Marmaris and Dalyan River with ancient tombs in Turkey
Wednesday 18th November 2020
Our first day in Marmaris was quite a productive one. Tim went out with Martin to find a gas refill for our gas bottles. Luca, Nina and I went to town. Luca wanted to go to the stationary shop, Nina and I visited the wool shops with Luca impatiently waiting outside, we stocked up on some groceries and had a quick visit to a café with fast, free internet.
I made some veggie soup for dinner again and we invited the Pisces 2 crew over to share our meal. Its one of our highlights to have those catchups with likeminded people and hear about their adventures on the sea.
The 2 days where rainy days. We had some morning tea to share a cake at Yvette and Martins boat and afterwards I tidied Nina’s room, which always gives me a bad mood. I just can’t understand how she still gets herself into such a muddle with so few belongings in such a small space…I changed the salt brine on all our olives, made some more soup, stewed some apples, did crochet on Luca’s blanket, updated the budget while Tim was doing video editing.
On the 21st November we left Marmaris for Dalyan / Turtle Beach. We left around 10 am and arrived 3 pm. It was a 20 nm trip, again mostly motoring due to the lack of wind.
Once we where anchored we went for a walk at the sandy beach nearby. I started to crochet a reusable advents calendar for the children today. It turns out there are no Advents calendars in Turkey and the kids always had one. My mum used to send them Chocolate and Lego ones from Germany.
The next day we had a lazy morning on the boat and around lunchtime the Pisces crew decided to try and take the dinghy up the Dalyan river to see the tombs. There are usually day boats taking tourists up and we had heard mixed reports as to if it was permitted or not for us to go up there. The Pisces crew reported over radio it was all good, so we decided to give it a go too. We even took Lucy in the dinghy for an adventure.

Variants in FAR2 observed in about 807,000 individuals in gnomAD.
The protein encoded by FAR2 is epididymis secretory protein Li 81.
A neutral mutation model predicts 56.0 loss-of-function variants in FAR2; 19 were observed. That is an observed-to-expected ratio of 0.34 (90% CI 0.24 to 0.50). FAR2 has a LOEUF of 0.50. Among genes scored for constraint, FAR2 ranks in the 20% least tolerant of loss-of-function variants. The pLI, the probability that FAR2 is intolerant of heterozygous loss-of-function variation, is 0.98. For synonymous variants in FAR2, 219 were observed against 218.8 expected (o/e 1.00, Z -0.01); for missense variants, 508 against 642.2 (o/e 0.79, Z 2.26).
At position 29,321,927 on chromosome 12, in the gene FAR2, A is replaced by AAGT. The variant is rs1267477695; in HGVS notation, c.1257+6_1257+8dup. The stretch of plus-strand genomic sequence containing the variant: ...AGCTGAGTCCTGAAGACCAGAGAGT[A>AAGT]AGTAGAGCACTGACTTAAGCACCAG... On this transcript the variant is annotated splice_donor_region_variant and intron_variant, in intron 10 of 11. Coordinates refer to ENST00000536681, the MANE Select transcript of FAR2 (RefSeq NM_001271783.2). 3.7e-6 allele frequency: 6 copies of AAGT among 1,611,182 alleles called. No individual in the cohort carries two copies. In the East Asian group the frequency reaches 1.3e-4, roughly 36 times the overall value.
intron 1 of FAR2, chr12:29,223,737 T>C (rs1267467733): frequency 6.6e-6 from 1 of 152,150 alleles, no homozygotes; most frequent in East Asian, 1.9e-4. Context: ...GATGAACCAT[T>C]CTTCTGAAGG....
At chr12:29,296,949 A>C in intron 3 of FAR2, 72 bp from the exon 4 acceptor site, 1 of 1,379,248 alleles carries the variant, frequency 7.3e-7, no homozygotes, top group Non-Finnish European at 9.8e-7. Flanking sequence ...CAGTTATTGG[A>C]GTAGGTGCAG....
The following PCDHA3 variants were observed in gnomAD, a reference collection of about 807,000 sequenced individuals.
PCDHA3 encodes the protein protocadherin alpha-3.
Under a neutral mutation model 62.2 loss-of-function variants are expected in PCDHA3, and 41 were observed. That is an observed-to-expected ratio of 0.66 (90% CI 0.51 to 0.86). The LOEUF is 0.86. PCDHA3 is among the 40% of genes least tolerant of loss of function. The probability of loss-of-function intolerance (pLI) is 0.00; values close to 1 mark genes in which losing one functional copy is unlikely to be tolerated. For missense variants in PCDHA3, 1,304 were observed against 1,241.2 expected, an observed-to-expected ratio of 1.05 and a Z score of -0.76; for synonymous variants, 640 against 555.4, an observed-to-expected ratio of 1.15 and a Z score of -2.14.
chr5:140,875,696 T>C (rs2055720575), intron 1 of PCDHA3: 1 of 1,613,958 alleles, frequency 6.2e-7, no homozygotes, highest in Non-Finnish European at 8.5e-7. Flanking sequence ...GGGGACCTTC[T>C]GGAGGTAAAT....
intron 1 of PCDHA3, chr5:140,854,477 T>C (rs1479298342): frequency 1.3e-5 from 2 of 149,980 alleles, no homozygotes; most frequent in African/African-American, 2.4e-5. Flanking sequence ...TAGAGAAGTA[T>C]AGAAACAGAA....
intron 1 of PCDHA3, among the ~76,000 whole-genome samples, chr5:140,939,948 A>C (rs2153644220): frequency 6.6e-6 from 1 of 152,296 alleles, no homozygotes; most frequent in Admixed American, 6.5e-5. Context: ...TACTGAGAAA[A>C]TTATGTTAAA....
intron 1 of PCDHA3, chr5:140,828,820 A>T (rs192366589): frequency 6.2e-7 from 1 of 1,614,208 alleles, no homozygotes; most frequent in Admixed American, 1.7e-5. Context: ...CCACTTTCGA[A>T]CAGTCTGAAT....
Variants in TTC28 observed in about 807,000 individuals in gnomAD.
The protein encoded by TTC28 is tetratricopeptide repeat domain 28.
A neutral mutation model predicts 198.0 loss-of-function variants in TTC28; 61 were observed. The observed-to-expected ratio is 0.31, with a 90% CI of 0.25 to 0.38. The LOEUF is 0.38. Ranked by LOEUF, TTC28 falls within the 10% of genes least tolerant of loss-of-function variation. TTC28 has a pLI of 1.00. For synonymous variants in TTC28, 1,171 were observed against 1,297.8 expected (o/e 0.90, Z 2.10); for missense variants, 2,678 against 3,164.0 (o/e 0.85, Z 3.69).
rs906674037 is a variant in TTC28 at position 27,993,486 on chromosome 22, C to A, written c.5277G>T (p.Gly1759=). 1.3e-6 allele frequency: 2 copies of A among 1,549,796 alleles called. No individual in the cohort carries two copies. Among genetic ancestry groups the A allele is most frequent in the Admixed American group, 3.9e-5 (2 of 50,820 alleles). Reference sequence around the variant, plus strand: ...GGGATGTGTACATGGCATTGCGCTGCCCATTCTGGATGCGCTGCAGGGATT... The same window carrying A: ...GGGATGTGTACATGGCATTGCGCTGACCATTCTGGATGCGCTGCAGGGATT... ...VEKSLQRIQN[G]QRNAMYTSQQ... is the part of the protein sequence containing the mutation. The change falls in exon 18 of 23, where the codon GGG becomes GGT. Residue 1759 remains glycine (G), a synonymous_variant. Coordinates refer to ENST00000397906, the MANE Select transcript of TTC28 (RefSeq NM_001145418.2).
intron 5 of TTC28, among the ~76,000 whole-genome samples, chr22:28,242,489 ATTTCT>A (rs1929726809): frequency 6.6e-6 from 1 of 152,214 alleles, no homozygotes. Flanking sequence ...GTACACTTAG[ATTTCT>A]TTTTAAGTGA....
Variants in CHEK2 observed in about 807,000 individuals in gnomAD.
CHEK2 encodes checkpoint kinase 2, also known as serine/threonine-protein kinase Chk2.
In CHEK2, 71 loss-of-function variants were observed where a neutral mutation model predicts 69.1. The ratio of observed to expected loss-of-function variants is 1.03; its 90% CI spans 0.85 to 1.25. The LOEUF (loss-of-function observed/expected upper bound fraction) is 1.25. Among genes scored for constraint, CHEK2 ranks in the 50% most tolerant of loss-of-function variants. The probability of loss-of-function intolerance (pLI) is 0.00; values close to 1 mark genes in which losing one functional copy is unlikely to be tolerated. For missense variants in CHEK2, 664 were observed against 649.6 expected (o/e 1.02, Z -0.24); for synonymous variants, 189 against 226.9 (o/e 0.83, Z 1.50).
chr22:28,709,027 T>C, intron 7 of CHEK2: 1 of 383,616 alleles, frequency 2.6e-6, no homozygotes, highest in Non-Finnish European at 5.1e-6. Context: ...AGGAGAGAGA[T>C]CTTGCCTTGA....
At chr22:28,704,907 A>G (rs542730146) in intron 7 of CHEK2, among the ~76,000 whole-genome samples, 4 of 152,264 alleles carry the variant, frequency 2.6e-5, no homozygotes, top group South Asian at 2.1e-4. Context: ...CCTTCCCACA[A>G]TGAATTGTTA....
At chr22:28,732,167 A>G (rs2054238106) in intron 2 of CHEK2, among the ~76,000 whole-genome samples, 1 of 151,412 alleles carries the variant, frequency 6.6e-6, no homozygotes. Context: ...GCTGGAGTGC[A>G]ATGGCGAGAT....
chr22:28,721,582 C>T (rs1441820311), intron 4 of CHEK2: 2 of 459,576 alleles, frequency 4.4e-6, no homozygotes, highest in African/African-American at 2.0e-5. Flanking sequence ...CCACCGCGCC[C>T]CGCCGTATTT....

The beach is called Turtle beach, because the turtles are breeding here between May and October and people with boats can’t go anywhere close to the beaches. But we are here out of the breeding season, we didn’t even see a single turtle and still haven’t seen a singe dolphin either! Up the river are some pretty impressive rock tombs and mud baths alongside holiday villages, restaurants and shops. But its all pretty much closed now, being out of season.
Here is some more info on the rock tombs from Dalyaninfo.com:
“The spectacular rock-cut tombs which meet the eyes of the visitors coming to Caunus by way of either sea or land are undoubtedly the most significant examples of funerary architecture in Caunus. The group of six rock-cut tombs, including the largest, unfinished one have been borne dumb witnesses to the events throughout the past thousands of years. In addition to this type of temple rock-cut tomb, there are deep rectangular rock-cut tombs known as “pigeon nests”, niches and sarcophagi which, together with the chamber tombs at special locations, show the variety of the types of funerary architecture at Caunus. These tombs provide us with valuable information on the burial customs of the city.